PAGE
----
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Mechanical Reliability Prediction: 
A Different Appro ach
Abstract 
Market trend 
Exploring alternative approaches 
Introduction to Case Study: Hydraulic Accumulator (HYDAC) Soluti...
Mechanical Reliability Prediction: A Different Approach | 3 
Abstract 
Reliability Prediction is a practice of predicting ...
Mechanical Reliability Prediction: A Different Approach | 4 
Exploring alternative approaches 
A combination of PoF, NSWC ...
Mechanical Reliability Prediction: A Different Approach | 5 
The accumulator Barrel will be subjected to 1,951,000 pressur...
Mechanical Reliability Prediction: A Different Approach | 6 
Step 3: Convert the spectrum of stress into an equivalent str...
Mechanical Reliability Prediction: A Different Approach | 7 
a. In Table 2 Cumulative damage of 8.25E-02 % damage is cause...
Mechanical Reliability Prediction: A Different Approach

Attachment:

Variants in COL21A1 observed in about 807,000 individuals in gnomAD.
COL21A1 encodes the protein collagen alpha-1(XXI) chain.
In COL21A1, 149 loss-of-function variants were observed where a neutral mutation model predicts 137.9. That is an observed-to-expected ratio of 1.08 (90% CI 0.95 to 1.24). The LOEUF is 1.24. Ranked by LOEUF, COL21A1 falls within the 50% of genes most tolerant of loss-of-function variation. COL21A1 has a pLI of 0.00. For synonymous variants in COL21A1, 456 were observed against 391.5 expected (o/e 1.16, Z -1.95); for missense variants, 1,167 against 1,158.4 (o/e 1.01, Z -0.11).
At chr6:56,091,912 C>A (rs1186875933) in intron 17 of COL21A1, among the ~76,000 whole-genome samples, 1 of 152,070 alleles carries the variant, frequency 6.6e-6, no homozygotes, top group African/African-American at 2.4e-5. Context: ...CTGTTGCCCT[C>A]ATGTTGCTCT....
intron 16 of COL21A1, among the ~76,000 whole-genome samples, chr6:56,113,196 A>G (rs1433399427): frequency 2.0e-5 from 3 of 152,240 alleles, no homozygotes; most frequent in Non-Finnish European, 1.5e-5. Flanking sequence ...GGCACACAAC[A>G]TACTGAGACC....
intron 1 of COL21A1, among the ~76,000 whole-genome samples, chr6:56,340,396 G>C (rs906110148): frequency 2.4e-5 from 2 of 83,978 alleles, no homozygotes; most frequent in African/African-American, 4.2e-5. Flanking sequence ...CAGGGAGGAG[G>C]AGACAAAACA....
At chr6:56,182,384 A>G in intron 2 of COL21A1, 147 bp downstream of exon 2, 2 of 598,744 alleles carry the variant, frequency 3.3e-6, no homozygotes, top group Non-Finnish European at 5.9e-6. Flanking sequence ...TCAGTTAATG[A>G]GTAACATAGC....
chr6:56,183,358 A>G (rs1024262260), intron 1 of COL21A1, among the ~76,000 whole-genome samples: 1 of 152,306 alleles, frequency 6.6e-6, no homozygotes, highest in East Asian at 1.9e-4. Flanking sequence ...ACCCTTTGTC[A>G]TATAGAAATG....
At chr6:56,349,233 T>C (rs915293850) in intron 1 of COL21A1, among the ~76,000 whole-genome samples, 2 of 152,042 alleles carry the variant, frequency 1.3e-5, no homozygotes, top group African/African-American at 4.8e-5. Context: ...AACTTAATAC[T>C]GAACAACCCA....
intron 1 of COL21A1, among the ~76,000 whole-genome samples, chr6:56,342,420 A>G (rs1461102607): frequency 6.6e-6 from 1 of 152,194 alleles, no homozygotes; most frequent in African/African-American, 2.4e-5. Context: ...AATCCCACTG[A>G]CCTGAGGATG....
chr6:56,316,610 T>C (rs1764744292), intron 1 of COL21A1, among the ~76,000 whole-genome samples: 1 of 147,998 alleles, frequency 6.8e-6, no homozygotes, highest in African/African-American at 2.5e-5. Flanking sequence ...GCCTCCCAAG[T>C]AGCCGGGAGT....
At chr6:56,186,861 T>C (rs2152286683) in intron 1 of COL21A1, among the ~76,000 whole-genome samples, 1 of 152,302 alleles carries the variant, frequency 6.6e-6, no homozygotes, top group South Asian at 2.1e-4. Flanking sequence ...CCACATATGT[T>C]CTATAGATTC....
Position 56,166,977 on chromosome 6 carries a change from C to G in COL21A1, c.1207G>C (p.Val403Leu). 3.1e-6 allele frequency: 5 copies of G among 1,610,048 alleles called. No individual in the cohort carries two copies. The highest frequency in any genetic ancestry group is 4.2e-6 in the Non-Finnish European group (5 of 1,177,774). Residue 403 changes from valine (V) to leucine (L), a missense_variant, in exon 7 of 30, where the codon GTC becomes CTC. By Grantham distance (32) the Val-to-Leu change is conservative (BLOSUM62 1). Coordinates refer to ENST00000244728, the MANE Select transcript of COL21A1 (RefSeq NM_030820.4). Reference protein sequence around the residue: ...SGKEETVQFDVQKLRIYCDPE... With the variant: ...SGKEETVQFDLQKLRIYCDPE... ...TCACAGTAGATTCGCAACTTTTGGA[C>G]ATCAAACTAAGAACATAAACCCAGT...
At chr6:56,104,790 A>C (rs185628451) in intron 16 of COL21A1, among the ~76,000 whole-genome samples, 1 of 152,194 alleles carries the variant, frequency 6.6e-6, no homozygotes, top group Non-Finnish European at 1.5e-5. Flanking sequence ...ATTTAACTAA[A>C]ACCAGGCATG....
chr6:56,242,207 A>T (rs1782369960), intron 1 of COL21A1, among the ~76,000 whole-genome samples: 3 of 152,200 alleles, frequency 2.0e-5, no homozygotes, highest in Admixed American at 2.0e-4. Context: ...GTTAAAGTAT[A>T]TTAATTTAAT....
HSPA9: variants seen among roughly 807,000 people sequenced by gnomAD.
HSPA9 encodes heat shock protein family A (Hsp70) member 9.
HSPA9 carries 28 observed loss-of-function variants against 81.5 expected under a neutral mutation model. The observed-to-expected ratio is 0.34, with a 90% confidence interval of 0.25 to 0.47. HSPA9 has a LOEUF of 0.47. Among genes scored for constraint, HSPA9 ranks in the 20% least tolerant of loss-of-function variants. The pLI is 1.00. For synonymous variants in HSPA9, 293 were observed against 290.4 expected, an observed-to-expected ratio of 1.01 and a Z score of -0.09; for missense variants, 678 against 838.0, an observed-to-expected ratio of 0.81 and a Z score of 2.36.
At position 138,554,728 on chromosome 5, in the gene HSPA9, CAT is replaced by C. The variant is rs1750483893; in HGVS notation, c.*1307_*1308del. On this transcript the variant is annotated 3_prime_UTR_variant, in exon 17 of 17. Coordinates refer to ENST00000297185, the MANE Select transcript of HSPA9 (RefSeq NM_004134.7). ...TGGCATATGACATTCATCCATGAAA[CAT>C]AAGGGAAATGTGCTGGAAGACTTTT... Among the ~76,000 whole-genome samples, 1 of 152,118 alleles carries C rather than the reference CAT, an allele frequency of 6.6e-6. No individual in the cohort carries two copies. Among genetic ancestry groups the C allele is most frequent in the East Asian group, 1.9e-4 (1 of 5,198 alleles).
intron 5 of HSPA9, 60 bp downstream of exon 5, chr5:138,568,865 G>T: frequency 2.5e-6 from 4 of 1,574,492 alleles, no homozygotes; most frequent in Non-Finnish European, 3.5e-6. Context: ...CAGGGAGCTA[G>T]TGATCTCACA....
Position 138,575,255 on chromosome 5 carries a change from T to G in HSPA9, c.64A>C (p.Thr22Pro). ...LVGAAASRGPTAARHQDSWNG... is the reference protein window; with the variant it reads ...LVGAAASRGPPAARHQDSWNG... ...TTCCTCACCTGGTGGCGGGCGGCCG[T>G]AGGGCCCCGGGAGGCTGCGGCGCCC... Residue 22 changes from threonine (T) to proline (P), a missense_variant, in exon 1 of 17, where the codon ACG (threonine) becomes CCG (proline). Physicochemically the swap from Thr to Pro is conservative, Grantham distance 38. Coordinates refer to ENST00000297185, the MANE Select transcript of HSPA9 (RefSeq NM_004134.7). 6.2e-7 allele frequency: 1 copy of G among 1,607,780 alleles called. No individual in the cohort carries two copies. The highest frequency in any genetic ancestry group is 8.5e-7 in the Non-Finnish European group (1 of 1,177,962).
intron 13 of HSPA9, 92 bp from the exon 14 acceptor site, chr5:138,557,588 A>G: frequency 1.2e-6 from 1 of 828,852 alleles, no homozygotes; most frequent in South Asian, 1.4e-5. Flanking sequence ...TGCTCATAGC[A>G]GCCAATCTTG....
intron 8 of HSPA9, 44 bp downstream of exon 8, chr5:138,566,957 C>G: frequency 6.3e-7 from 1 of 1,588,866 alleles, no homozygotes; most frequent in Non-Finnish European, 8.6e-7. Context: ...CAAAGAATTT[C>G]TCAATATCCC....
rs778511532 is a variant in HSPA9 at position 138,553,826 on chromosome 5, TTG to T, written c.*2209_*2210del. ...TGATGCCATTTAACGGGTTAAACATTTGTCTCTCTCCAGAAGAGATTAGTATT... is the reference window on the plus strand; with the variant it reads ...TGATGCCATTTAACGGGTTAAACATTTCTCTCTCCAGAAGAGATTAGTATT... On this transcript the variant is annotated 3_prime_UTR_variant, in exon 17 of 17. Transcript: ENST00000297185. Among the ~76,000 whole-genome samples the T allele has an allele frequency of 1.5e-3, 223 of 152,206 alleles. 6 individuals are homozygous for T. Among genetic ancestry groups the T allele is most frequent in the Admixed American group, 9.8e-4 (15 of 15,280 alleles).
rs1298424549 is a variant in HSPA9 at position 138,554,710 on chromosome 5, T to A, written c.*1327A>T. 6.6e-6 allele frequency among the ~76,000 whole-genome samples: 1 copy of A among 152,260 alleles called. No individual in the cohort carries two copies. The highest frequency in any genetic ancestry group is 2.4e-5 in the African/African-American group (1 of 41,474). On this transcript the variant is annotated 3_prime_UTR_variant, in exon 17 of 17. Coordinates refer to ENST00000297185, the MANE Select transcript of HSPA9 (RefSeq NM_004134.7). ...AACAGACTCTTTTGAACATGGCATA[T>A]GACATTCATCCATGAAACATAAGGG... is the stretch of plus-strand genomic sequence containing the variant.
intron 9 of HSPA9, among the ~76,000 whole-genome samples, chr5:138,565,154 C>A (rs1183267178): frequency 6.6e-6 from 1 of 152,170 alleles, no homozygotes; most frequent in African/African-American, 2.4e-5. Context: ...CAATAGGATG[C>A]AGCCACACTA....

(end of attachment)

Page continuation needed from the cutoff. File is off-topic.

Mechanical Reliability Prediction: A Different Approach
Mechanical Reliability Prediction: A Different Approach
Mechanical Reliability Prediction: A Different Approach
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Mechanical Reliability Prediction: A Different Approach

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This paper critically analyses the current industry practices for making reliability prediction prevalent among the aircraft manufacturers and further explores the more accurate and cost effective methods for predicting the failure rate of a component or subsystem during the early design phase of the product development cycle namely NSWC method , PoF approach and SSI theory. It elucidates the effectiveness of these alternative approaches with the help of a case study on Hydraulic Accumulator (HYDAC).

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Mechanical Reliability Prediction: A Different Approach

  1. 1. Mechanical Reliability Prediction: A Different Appro ach